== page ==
Normally Sunday is a major food shopping day for DINK (double income, no kids) households, but the storefront grills were down on a third of the shops at the Hsihpai street market. Many normally busy stands were covered with tarpaulins. A fruit vendor was open, and when asked if SARS had any impact on her business, she was visibly annoyed.


“Yes,” she said finally.


“Up or down?”


“Down. By half.”


Her only customer suggested she tell me about the run on pineapples, now out of stock, but she was happy to see me go.


At Carrefour, where I’ve shopped for nearly a decade, clerks pressed an electronic gadget to check my temperature before allowing me to enter.


I passed, as did a lot of other people.


Inside everything appeared normal at first, except for the face masks on the shoppers and the grim and determined glint in their eyes. Then, I noticed something odd… no children. Usually there are several in tow behind mom and dad. Another strange phenomenon: When shoppers left the store, they did so in a no-nonsense manner, getting away as quickly as possible. Usually a crowd of shoppers congregates on the sidewalk, rewarding themselves with popcorn or cotton candy.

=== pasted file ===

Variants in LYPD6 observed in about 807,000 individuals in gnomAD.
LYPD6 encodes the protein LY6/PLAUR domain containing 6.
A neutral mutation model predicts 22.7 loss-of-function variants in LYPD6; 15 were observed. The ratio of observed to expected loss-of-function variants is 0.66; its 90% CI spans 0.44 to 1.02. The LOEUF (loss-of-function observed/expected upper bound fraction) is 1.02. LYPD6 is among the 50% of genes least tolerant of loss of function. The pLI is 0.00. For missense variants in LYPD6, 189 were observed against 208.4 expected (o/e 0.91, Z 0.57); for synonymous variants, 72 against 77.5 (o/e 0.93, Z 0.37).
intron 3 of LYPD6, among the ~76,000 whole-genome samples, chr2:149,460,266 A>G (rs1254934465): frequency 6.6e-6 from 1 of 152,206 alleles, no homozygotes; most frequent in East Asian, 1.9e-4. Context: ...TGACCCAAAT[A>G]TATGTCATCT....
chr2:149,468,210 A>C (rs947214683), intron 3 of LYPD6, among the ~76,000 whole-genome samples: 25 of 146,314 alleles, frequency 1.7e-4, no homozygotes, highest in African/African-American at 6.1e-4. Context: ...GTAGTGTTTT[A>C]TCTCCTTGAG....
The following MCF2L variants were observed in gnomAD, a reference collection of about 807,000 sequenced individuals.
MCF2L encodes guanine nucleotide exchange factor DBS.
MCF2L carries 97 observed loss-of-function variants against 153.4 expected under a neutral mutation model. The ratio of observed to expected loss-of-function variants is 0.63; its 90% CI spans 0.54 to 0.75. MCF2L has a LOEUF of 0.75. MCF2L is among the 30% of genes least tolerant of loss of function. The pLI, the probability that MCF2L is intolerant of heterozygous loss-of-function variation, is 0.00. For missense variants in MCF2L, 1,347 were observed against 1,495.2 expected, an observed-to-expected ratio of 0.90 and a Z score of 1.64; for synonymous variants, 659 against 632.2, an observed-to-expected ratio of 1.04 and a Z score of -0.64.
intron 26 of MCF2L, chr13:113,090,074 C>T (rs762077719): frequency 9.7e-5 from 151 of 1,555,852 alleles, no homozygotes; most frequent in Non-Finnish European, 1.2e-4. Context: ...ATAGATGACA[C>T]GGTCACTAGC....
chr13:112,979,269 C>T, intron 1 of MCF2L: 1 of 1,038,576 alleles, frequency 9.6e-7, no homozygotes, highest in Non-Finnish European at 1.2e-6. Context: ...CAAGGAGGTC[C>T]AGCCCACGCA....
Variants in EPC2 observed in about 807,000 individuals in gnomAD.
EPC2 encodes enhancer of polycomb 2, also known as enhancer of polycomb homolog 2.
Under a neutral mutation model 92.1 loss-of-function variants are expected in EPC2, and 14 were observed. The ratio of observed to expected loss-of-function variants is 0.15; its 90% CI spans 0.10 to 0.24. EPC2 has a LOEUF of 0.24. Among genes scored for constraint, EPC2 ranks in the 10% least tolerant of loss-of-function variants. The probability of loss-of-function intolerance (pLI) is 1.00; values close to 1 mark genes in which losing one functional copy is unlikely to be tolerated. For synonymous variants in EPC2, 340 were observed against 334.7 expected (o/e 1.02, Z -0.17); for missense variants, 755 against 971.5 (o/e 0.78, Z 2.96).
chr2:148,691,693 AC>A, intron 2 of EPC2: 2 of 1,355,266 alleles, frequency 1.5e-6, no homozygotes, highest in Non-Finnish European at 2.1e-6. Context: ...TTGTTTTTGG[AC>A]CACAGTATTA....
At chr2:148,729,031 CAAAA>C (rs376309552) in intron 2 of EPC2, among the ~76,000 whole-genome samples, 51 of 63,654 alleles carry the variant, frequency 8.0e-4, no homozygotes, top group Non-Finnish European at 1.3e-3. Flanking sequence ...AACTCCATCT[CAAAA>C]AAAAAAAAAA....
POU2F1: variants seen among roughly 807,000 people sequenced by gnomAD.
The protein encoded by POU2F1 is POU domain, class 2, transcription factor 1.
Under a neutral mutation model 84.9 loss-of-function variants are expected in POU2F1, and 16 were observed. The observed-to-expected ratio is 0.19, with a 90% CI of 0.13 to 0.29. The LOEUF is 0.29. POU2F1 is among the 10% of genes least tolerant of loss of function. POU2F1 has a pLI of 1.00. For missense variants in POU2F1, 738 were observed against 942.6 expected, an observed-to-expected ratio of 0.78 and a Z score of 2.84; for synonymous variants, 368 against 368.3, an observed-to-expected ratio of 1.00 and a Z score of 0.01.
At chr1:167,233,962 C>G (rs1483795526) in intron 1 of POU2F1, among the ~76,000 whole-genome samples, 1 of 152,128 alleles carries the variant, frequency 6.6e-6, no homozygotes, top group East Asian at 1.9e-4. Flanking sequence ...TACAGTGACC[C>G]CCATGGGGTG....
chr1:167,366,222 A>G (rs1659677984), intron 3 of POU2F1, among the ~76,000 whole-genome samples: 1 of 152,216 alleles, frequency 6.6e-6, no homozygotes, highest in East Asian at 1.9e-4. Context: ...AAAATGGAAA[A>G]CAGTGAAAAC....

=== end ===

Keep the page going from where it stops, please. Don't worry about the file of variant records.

At the Shi Dong Market – the area’s largest ‘wet’ market – I felt a sense of doom as the doors closed behind me and I breathed in the scent of fresh slaughter.


The sensation was visceral, and stayed with me as I walked the empty aisles.


Then I saw something I had never seen before … a group of idle vendors playing checkers, and another group with their feet up, smoking cigarettes and drinking beer.


“How is business,” I asked.


“This is Sunday,” one replied, and nodded toward the empty aisles.


Sorry… dumb question. The man who owned the stall his cohorts had gathered around had half a chicken on his counter.


“This morning they sold out of mung beans…” he said, pointing to a neighbouring stall. “The TV has a little report saying something prevents SARS and everyone comes running.”


Then glancing at the forlorn chicken carcass on his cart, he said, “Write that chicken prevents SARS why don’t you?”

They all laughed.


I went home, took a shower and scrubbed my hands with bleach.